What's the biggest factor driving commodity prices? Chinese demand? Unrest in North Africa? Or supply shortages? These are all relevant, but you can trace the current boom in commodity prices to the words of one man: Ben Bernanke.
When the Federal Reserve chairman spoke at the Fed's Jackson Hole gathering last August, he effectively signalled that another bout of quantitative easing (known as QE2) was on the way. At the time, the Fed was worried about deflation and Mr Bernanke, a keen student of Depression-era economics, was determined to reflate the US economy.
Printing an extra $600bn had two consequences. One was to boost asset markets, since the money institutions made by selling bonds to the Fed was redeployed elsewhere, including commodity markets. The other was to weaken the dollar. On a trade-weighted basis, the US currency has lost 10 per cent since August 2010 – quite a sizeable move by foreign-exchange market standards.
The chart, below, shows this clearly. Following the Jackson Hole gathering, commodity prices (illustrated by the Thomson Reuters commodity index) took off, while the dollar headed south.
Since commodities are almost all priced in dollars, when the US currency rises it causes the dollar price of commodities to fall, and when it falls the price of commodities rise. The intervention of the Fed disrupted the greenback's normal supply and demand fundamentals, and is a big reason why we have oil at $120 per barrel.
This relationship also holds in the longer term. Bar a few instances in the past 10 years, when oil prices rise the dollar is weak and vice versa. The strength of the dollar/commodity link can also be seen in the cost of commodities priced in currencies other than the greenback. The price of oil in euros has appreciated by 25 per cent since the start of this year, this compares with a 33 per cent increase in the dollar price increase.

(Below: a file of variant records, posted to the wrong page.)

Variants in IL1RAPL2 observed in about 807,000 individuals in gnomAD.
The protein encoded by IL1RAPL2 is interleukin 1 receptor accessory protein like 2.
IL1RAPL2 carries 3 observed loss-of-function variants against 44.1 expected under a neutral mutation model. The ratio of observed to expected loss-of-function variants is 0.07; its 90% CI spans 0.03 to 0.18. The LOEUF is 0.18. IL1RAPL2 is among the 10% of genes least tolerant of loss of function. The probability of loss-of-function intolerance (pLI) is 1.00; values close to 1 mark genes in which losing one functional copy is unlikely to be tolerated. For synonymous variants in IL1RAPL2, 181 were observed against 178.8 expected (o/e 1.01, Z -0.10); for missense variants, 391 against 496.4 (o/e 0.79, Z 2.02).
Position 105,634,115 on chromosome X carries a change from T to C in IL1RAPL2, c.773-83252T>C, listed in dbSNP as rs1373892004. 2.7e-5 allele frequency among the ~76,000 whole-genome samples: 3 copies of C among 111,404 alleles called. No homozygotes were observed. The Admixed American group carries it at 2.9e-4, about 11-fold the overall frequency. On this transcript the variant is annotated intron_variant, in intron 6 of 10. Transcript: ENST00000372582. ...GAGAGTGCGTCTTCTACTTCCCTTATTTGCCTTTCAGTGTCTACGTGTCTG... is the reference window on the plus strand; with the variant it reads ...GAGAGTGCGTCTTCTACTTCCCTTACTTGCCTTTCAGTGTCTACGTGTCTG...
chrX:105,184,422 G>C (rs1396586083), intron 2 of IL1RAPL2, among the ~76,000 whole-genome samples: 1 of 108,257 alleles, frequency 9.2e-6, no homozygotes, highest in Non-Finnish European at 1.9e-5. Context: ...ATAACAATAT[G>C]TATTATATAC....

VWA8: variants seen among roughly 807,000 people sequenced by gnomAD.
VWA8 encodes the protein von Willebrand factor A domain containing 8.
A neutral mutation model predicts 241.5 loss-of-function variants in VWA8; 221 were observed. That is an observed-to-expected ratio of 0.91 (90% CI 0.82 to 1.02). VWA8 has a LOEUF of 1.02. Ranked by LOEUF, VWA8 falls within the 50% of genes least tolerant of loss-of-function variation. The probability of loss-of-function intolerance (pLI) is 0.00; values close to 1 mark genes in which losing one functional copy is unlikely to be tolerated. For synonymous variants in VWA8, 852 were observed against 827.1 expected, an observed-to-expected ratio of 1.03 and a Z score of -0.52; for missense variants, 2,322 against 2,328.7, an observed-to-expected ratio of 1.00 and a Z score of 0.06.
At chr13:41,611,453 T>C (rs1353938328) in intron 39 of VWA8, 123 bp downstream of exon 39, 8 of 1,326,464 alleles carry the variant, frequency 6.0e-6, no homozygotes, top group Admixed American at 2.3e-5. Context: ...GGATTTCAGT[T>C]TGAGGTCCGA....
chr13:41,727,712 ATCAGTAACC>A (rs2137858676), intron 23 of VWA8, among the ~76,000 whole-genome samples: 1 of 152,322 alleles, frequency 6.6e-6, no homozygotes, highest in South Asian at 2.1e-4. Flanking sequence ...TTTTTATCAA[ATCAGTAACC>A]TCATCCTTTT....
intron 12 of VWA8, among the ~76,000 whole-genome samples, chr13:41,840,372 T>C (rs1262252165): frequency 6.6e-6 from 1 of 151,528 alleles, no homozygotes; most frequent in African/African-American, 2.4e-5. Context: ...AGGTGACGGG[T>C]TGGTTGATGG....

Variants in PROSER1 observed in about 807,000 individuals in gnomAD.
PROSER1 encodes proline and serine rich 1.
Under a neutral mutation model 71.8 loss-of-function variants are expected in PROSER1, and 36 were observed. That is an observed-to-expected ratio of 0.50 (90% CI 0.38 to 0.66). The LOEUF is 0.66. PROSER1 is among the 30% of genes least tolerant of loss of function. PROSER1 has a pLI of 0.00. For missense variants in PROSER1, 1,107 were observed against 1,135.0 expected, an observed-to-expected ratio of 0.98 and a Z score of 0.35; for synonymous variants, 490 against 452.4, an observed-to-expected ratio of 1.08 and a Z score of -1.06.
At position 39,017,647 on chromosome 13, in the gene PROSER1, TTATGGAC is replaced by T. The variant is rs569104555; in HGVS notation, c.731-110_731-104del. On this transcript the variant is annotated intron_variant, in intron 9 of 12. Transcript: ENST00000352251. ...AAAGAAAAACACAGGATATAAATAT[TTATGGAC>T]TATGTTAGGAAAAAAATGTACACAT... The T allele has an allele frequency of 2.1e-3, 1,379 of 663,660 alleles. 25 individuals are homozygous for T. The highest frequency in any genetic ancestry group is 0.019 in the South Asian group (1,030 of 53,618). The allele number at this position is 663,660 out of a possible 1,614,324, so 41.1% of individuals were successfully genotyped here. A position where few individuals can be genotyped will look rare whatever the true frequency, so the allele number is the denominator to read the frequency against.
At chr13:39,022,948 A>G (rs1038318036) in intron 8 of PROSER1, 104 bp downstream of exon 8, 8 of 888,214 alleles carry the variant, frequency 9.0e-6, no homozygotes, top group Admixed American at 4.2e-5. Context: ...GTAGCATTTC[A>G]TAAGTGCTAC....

|Big commodity currencies|
Commodities and foreign exchange also interact in another way, through the currencies of large commodity producers. The free-floating currencies of commodity producers tend to move in line with commodity prices. Typically, when commodities are appreciating more money is flowing into these economies. This boosts inflation pressure, causing official interest rates to rise and the currency to rise.
Of course, domestic issues, including politics, domestic finances and disruption to local production can also affect these currencies. So while there is a relationship between commodity prices and forex rates in the producer countries, it is not a perfect one, and commodity currencies tend to be at the riskier end of the FX spectrum.
It's possible that in the future commodities will be priced in other currencies. But, until that day comes, the dollar will be crucial for commodity traders, who ignore the direction of the greenback at their peril.
Rising commodity prices helped nip US deflation in the bud; commodity prices affect all aspects of the US economy, from people buying food and petrol to companies buying raw materials for the production of cars and clothes. But will the dollar-commodity link hold when QE2 comes to an end in June? Its durability suggests that any divergence would be short-lived. The dollar index is close to record lows, so if the end of QE2 marks the end of the downtrend in the dollar, then we may eventually start to see the shine come off commodity prices.
On the other hand, dollar bears can still point to America's $14 trillion debt problem as reason enough for the greenback to continue falling. And with geopolitical tension hotting up elsewhere – North Africa, the middle east, the Korean peninsular – a commodity price pull-back is far from a done deal.
Kathleen Brooks is research director at Forex.com